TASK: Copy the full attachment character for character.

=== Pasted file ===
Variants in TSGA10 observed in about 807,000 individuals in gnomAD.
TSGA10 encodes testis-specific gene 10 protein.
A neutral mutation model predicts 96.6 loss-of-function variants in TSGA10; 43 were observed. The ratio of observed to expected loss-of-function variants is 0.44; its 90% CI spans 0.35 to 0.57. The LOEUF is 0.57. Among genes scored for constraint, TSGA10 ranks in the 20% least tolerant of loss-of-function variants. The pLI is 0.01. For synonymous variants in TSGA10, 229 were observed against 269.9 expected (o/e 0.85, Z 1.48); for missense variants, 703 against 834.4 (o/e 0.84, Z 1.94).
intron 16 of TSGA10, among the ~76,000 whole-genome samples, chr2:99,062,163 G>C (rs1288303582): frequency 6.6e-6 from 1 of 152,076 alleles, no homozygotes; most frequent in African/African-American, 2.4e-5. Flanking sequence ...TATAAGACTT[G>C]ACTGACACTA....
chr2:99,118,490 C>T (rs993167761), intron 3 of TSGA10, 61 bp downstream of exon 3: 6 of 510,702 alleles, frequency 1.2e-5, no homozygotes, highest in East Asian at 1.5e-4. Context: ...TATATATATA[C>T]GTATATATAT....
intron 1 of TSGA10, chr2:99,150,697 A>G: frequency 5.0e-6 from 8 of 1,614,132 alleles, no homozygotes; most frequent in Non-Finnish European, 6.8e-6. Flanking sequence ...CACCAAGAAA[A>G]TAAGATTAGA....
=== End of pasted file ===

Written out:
Variants in TSGA10 observed in about 807,000 individuals in gnomAD.
TSGA10 encodes testis-specific gene 10 protein.
A neutral mutation model predicts 96.6 loss-of-function variants in TSGA10; 43 were observed. The ratio of observed to expected loss-of-function variants is 0.44; its 90% CI spans 0.35 to 0.57. The LOEUF is 0.57. Among genes scored for constraint, TSGA10 ranks in the 20% least tolerant of loss-of-function variants. The pLI is 0.01. For synonymous variants in TSGA10, 229 were observed against 269.9 expected (o/e 0.85, Z 1.48); for missense variants, 703 against 834.4 (o/e 0.84, Z 1.94).
intron 16 of TSGA10, among the ~76,000 whole-genome samples, chr2:99,062,163 G>C (rs1288303582): frequency 6.6e-6 from 1 of 152,076 alleles, no homozygotes; most frequent in African/African-American, 2.4e-5. Flanking sequence ...TATAAGACTT[G>C]ACTGACACTA....
chr2:99,118,490 C>T (rs993167761), intron 3 of TSGA10, 61 bp downstream of exon 3: 6 of 510,702 alleles, frequency 1.2e-5, no homozygotes, highest in East Asian at 1.5e-4. Context: ...TATATATATA[C>T]GTATATATAT....
intron 1 of TSGA10, chr2:99,150,697 A>G: frequency 5.0e-6 from 8 of 1,614,132 alleles, no homozygotes; most frequent in Non-Finnish European, 6.8e-6. Flanking sequence ...CACCAAGAAA[A>G]TAAGATTAGA....